• widening circles of compassion, care, and concern – supports all of us (again, no need of ethics)
      • experience of “oneness” when identified with observer/witness
      • “awakening” when recognize “I” as content of experience, as any other content of experience

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a far too one-sided initial draft……

*Spirituality is what we don’t understand*

Traditionally, when something seems mysterious, we explain it through God and religion.

And we do the same with ethics and spirituality. When we don’t quite understand the pragmatic reasons for ethical guidelines, we use ethics as a guideline. And when we don’t quite understand the mechanisms behind what we see as spiritual, we call it spiritual and make it into something more than it is.

As we get more familiar with the pragmatic reasons for ethical guidelines, and the mechanisms behind what we see as spiritual, we go from ethics and spirituality to a simpler and more pragmatic view.

For example, when the situation is conducive we experience a widening circle of us, of the ones we experience care, compassion, and concern for. When we don’t quite recognize the pragmatic reasons for this, morals and shoulds may be helpful and even essential. And yet, as we start to become more familiar with it, we recognize the pragmatic reasons and these come to the forefront for us. As I relate to others, I relate to myself. It is a mirror, so I naturally want to treat others and myself with kindness. And in the world, including all beings and ecosystems in the circle of “us” makes good ecological sense. It is, in fact, essential for our own long-term well-being and survival.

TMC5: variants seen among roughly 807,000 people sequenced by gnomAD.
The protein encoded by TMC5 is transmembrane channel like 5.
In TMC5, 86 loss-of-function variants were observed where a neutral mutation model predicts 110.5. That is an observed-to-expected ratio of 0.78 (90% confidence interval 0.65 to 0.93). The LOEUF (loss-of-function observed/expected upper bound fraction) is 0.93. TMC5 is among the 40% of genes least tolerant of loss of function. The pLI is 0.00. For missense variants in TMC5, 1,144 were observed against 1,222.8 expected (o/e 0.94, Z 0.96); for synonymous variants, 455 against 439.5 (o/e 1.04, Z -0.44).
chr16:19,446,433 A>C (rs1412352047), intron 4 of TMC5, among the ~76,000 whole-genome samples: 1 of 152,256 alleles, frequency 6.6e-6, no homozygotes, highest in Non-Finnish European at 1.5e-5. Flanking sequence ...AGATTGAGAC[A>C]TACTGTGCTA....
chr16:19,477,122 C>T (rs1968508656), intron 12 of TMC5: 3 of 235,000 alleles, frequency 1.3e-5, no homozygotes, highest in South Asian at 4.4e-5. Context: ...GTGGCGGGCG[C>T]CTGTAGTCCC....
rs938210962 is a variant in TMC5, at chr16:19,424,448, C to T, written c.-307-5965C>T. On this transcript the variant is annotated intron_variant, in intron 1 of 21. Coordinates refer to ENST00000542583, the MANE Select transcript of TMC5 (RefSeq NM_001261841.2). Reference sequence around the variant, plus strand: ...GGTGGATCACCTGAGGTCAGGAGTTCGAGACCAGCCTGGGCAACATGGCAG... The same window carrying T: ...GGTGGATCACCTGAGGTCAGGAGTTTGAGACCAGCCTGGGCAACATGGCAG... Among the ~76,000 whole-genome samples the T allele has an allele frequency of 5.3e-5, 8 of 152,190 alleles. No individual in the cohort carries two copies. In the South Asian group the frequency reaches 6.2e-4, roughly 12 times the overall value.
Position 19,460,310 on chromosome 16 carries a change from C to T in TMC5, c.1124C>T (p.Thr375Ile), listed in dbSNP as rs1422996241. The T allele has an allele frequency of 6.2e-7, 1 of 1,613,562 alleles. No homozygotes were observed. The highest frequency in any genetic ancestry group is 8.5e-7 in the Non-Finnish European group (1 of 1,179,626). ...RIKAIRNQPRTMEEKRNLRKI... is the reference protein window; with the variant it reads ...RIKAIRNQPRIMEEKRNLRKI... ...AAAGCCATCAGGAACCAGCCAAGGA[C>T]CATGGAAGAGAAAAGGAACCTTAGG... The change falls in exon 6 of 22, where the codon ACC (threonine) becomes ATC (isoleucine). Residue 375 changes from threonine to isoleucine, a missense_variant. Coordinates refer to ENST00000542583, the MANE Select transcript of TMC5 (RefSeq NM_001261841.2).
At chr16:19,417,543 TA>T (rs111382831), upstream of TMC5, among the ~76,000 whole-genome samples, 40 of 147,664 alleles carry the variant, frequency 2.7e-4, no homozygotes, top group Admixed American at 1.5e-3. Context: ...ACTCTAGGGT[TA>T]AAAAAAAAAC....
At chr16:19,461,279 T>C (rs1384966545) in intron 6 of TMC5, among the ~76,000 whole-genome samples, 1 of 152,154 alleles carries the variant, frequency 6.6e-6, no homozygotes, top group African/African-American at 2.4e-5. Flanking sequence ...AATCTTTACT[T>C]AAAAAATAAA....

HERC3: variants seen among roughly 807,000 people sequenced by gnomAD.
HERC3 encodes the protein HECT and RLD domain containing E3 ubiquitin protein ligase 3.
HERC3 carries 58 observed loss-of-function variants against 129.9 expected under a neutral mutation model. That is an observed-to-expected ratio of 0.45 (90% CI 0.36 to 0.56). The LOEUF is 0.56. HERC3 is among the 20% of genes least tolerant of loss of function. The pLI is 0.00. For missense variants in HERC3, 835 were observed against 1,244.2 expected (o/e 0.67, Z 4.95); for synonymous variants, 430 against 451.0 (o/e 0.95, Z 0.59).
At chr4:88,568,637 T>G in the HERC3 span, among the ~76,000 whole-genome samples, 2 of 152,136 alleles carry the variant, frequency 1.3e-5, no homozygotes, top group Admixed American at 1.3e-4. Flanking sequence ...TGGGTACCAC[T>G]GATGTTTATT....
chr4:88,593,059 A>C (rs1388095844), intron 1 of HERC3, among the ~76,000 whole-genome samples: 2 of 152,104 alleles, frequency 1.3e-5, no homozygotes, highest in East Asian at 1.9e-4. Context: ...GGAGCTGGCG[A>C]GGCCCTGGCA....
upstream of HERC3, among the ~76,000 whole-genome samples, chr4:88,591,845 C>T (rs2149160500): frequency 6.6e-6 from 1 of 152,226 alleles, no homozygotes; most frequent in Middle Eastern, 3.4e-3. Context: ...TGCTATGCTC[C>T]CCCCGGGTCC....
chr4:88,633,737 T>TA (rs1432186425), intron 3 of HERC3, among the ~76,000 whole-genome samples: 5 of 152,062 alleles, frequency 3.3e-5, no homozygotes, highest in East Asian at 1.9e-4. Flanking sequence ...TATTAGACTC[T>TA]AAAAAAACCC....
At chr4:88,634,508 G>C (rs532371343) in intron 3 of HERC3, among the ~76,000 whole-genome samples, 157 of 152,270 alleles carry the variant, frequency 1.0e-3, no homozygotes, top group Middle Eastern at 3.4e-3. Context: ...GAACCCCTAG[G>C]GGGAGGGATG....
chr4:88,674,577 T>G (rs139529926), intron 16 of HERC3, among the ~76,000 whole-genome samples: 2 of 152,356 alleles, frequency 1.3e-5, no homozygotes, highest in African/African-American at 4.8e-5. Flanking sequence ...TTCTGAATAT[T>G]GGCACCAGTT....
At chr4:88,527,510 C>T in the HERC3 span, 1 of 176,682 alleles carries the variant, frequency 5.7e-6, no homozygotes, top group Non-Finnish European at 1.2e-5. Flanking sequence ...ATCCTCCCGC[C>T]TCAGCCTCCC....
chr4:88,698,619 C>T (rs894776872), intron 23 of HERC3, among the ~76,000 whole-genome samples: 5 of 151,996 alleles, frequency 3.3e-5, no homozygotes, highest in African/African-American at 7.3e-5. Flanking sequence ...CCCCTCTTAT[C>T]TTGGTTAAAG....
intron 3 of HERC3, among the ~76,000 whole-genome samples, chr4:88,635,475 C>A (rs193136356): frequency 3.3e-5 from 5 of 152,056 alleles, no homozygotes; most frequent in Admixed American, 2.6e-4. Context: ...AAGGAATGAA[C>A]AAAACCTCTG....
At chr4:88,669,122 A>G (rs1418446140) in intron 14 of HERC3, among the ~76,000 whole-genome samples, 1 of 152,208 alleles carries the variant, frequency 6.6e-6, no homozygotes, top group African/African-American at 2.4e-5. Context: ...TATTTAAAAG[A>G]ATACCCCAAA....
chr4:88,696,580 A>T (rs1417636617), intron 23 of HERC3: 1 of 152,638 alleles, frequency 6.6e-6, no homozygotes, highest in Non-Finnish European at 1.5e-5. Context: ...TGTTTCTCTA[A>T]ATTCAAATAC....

Similarly, if I don’t quite recognize the reasons for gratitude, humility, and appreciation, it may be good to have ethics or religion to remind me of its value. As I become more familiar with their benefits, I need the external reasons less. What is here is enough to guide me.

If I have an experience of oneness, and don’t understand the mechanisms, calling it spiritual gives me one hook to hang it on. It may not be much, but it is at least something. I can then become more familiar with the mechanisms behind it. I can notice that sense of oneness happens when most or all content of experience is recognized as objects, and there is still identification as an observer or witness. Identification is released out of the “me” and mostly or all out of the doer, and remains in the image of an “I”. Some of the mystery of how it happens goes out of it, and there is less need to call it spiritual. It can see it in more psychological and pragmatic terms, even if I recognize that most people and cultures will call it spiritual.

The next step is to recognize this image of an “I” as content of experience as well, inviting identification to release out of even this. As I become more familiar with this terrain, this too – which is often called “awakening” – becomes more pragmatic. Again, I recognize that most folks will call it spiritual, but for me the pragmatic aspects are in the foreground.

Note: Spiritual can of course be used in different ways. It can mean anything that has to do with awakening, in which case these things are spiritual. But it can also be used to refer to what is mysterious to us, in which case the pragmatic takes over as soon as we get more familiar with some of the dynamics and mechanisms behind it.

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Traditionally, when something seems mysterious, we explain it through God and religion.

We do the same in many different ways. When we don’t understand the pragmatic reasons behind ethical guidelines, we explain it through ethics. When we don’t understand the mechanisms behind what we see as spiritual, we call it spiritual.

As we get more familiar with the pragmatic reasons for ethical guidelines, and the mechanisms behind what we see as spiritual, we go from ethics and spirituality to a simpler and more pragmatic view.